Still another particularly advantageous configuration has been shown in FIG. 9 in which the two active electrodes are of semicircular configuration or some other configuration, e.g. square or rectangular, while the neutral electrode N forms a ring around them.

The individual electrodes N, A, A (FIG. 10) can be applied to an adhesive strip 39 with appropriate spacing. These electrodes need not be in a linear array. For example, they can be disposed at the vertices of a triangle.

FIG. 11 shows an arrangement in which the housing 2a, which can be otherwise similar to the housing 2 of FIG. 1, carries an outer electrode ring 33 to which an elastic sleeve 40 is secured, this sleeve 40 bridging the gap between the ring and the housing 2a to enable relatively flexible movement of the electrode while sealing the space between the effective surface and the housing against moisture. Between the electrode ring 33 and the central electrode 32, the insulating material 43 is provided. This material can also be flexible.

The electrodes, as in the embodiment of FIG. 1, can have contact pins which extend into the housing. In an alternative construction, the electrodes 21 can be replaced by outwardly convex members 41 which are threaded onto the pins 40. The pins 42 can be tubular and designed to engage an external thread on the electrode members 41 in a variant of this concept.

It has been found to be advantageous, moreover, to maintain the entire housing 2 at a predetermined temperature, especially when the device shown in FIG. 1 is to be used in cold regions. In this case, the housing is provided with a heating coil together with a thermostat to maintain the temperature. Inner and outer layers of thermal insulation can also be provided on the housing 2 or 2a.

The display 5 can include a glow lamp 5a or an electro-acoustic transducer 5b to signal the functioning of the device and, or, a sufficient charge of the battery when, for example, the button 2b is pressed.

The electrode configuration shown in FIG. 13 comprises six electrode pins forming the active electrodes A1 and A2 and of the configuration of member 41 previously described, the three pins of each electrode being connected together. The neutral electrode N can correspond to the electrodes 32 and 37 previously described.

The housing is provided with a stop watch or wrist alarm mechanism 5c as previously described.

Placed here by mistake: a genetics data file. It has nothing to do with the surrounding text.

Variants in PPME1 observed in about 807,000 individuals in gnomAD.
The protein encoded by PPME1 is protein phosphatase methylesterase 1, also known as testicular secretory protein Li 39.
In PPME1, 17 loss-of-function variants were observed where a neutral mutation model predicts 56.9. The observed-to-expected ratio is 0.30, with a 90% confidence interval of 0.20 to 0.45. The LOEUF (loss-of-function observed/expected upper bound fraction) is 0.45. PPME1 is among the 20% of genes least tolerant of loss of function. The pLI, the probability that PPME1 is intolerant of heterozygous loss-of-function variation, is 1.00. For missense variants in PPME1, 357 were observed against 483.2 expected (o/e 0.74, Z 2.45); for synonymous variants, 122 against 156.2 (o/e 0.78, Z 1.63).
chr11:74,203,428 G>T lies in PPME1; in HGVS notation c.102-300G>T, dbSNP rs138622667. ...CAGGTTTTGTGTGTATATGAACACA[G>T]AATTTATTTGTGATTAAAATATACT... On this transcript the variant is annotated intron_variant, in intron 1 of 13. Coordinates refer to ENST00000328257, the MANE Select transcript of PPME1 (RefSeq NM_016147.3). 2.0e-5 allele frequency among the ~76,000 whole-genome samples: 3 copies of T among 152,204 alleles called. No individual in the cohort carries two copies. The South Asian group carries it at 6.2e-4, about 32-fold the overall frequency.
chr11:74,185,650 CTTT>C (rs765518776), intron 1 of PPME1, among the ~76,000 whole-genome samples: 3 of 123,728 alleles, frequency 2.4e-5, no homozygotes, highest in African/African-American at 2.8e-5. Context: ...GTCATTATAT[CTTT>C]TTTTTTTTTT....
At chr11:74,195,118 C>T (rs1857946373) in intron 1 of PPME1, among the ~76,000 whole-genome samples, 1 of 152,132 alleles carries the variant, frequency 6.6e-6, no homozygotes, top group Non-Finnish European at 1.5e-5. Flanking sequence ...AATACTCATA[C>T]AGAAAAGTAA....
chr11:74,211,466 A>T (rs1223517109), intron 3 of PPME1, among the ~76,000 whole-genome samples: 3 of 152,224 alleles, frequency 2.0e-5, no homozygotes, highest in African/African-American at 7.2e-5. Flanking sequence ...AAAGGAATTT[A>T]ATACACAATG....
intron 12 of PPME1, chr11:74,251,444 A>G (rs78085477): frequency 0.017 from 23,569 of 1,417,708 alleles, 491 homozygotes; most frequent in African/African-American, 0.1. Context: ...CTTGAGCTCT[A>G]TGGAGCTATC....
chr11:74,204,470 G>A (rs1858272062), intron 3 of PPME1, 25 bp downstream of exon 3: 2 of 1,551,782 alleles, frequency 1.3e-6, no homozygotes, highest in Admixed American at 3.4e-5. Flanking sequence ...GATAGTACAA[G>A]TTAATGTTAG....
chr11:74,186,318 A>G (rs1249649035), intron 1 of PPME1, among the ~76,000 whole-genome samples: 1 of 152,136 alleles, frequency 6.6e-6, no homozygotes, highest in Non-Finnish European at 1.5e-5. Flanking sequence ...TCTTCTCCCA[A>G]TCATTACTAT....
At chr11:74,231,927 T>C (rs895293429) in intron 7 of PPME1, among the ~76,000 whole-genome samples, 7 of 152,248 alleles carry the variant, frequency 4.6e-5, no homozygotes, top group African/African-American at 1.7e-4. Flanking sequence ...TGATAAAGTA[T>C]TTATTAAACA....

1. An electrode assembly for bioelectrical use comprising a support, and at least two skin-contacting electrodes on said support connectable to a circuit responsive to bioelectrical signals, said electrodes each comprising a pair of spacedly juxtaposed plates insulated from one another and an electrolyte disposed between said plates, said plates being composed of a metal selected from Group IIIA of the Periodic Chart of the Elements, the spacing between said plates being between 1 and 4 times the thickness of said plates, said electrodes being disposed in laterally spaced relationship on said support and being at least partially received in an insulating material and projecting therefrom with the insulating material therebetween so as to enable at least one plate of each of the electrodes to contact the skin simultaneously, the electrode spacing being about 4 to about 10 mm, said electrodes being provided with means for electrically connecting them to circuitry for bioelectrical use.

2. The electrode assembly defined in claim 1 wherein the edge of each electrode adjoining the plate thereof adapted to contact the skin is free from lateral confinement.

3. The electrode assembly defined in claim 1 wherein the surface of each electrode adapted to contact the skin is convex.

4. The electrode assembly defined in claim 1 wherein the plate of each electrode adapted to contact the skin is formed with a conductivity-promoting element.

5. The electrode assembly defined in claim 1 wherein said electrodes have coplanar skin-contacting surfaces.